- Created by: Pip Dan
- Created on: 01-06-16 22:36
Wales in the Edwardian Era
Welsh demographic change
Between 1871 and 1911 the population of Wales increased from under 1.5 million to just under 2.5 million. Wales was absorbing population at a much higher rate than any other part of the UK. The majority of these people were coming to Glamorgan and Monmouthshire in South Wales, where there were huge increases in population, this was not the case elsewhere in Wales. By 1911 Glamorgan and Monmouthshire has a population of over 1.5 million.
Wales experienced rural depopulation as migrants from the countryside were lured to the towns by the prospect of work in industry. The need to leave the countryside was caused by a depression in agriculture before the Great War, and the industrialisation of urban areas and South Wales in particular. Additionally Wales was largely a land of small upland farms on largely un rewarding soil. The arable sector was very small and little wheat could be grown. Nearly 90% of the land in Wales was occupied by small scale tenant farmers who had taken out large mortgages on severe terms. Agricultural techniques were also quite backward. There was some improvement in the rural areas after 1900 with the industrial growth. After 1900 prices for dairy farmers started to rise and landlords were able to invest in more machinery which improved output. The growth of tourism to the new coastal resorts and the growth of the railways also helped these areas.
There were clear class lines in Wales by WWI. There was a more integrated middle class in the valley towns and villages - a new group of businessmen, shopkeepers, solicitors, journalists and some more affluent workmen. Owner occupation of houses became more widespread and the new middle class was central to the activities of the Liberal Party in Wales. Education had also helped increasing the prospects of the population. The growth of an industrial society meant there was a huge working class in Wales.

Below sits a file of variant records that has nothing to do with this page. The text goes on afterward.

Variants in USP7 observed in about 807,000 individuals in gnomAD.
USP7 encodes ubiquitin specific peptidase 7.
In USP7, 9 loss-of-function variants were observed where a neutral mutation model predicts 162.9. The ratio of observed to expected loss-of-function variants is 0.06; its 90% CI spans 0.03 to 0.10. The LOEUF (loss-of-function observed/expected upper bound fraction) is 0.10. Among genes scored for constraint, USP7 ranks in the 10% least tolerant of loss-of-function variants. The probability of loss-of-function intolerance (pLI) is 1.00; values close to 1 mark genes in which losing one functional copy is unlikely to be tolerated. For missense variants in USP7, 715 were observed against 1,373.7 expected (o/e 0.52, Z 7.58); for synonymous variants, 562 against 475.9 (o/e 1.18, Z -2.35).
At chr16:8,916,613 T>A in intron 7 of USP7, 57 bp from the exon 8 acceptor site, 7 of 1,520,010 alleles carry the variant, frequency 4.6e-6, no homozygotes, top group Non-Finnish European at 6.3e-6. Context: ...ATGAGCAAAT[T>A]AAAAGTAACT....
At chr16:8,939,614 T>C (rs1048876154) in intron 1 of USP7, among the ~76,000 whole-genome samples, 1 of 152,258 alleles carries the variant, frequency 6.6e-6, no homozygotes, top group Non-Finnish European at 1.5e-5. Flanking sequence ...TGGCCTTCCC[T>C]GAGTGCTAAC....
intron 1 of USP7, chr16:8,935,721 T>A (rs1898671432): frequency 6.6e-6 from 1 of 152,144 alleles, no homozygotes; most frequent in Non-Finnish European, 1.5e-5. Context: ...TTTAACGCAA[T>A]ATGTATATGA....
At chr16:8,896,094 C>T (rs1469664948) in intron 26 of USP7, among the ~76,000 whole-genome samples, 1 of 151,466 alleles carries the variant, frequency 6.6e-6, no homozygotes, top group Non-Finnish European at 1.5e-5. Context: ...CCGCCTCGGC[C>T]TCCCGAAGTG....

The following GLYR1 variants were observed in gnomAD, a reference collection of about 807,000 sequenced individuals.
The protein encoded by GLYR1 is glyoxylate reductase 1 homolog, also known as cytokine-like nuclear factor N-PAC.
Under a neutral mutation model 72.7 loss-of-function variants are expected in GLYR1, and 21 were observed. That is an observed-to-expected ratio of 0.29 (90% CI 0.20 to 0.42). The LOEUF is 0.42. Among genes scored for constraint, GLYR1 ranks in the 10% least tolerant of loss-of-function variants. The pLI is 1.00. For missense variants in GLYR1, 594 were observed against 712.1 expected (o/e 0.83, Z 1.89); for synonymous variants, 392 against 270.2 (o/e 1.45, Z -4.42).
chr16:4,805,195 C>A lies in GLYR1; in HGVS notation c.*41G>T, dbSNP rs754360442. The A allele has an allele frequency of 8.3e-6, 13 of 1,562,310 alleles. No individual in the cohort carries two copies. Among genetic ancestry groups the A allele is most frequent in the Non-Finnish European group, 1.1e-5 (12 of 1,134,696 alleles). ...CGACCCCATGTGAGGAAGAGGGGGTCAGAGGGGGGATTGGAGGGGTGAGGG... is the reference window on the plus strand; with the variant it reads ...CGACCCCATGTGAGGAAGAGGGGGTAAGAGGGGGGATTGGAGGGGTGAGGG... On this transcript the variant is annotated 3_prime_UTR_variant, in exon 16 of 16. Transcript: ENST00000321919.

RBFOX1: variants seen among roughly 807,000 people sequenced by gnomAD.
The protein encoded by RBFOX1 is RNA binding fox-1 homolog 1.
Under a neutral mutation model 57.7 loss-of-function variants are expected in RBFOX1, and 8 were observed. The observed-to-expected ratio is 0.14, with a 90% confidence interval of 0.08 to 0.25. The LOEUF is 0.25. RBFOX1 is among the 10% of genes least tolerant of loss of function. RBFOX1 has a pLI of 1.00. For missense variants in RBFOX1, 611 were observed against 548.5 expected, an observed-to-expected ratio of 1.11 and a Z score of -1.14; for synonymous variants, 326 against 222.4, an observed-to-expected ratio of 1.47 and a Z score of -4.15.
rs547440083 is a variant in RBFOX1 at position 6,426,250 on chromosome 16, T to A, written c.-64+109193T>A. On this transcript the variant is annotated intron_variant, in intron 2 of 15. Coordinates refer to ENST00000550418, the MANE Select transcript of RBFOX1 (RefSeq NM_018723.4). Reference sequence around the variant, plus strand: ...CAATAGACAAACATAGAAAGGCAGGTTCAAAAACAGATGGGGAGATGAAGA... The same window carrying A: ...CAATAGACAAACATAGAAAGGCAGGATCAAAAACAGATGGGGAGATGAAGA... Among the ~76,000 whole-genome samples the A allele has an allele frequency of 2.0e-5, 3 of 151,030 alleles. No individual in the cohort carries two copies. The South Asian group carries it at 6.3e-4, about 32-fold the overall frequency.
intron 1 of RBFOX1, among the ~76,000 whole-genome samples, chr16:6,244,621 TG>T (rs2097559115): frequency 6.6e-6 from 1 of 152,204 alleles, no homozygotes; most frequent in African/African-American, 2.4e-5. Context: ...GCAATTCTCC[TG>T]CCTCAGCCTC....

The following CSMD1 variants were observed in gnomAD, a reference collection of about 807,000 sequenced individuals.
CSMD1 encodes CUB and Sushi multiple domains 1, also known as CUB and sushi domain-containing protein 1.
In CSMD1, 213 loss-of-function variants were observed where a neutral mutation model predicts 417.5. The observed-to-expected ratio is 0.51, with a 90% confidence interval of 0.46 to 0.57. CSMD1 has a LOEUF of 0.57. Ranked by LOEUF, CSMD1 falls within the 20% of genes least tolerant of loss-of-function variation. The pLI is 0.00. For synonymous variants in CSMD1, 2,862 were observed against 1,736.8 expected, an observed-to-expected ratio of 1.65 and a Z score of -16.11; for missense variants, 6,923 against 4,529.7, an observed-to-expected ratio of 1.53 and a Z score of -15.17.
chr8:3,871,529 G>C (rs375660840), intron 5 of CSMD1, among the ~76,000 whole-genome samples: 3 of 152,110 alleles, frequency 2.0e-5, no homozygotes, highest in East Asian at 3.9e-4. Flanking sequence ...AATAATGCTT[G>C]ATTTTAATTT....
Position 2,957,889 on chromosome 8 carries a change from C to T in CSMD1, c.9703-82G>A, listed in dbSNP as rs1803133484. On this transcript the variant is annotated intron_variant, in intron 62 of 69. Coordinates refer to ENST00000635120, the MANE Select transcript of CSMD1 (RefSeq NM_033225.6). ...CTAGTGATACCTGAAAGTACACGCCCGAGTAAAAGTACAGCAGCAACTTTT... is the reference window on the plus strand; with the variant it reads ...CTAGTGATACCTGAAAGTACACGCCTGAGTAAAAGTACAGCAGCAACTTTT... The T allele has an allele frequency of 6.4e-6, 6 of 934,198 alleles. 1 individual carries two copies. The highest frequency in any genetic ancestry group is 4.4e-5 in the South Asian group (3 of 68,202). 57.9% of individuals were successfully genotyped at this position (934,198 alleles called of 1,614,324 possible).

Living Conditions in Wales
Wales lagged behind the rest of the world in terms of sub-standard working class housing, in urban overcrowding, it is health and hospital services, in the levels of industrial disease among workers, poverty and ill health among the old, and malnutrition and disease among children
In 1911, the five major boroughs of South Wales showed a death rate of 380 per 1000 children born. The average across England and Wales was 17.5. These main areas of poor living conditions were in the valleys, such as of Swansea, Neath, Ogmore Vale, Garw, Rhondda and Taff.
However, sub-standard living conditions could also be found in the cities, such as Cardiff and Swansea. Splott and Butetown in Cardiff were as deprived as areas of Merthyr. The Irish communities of Cardiff (such as Adamstown) and of…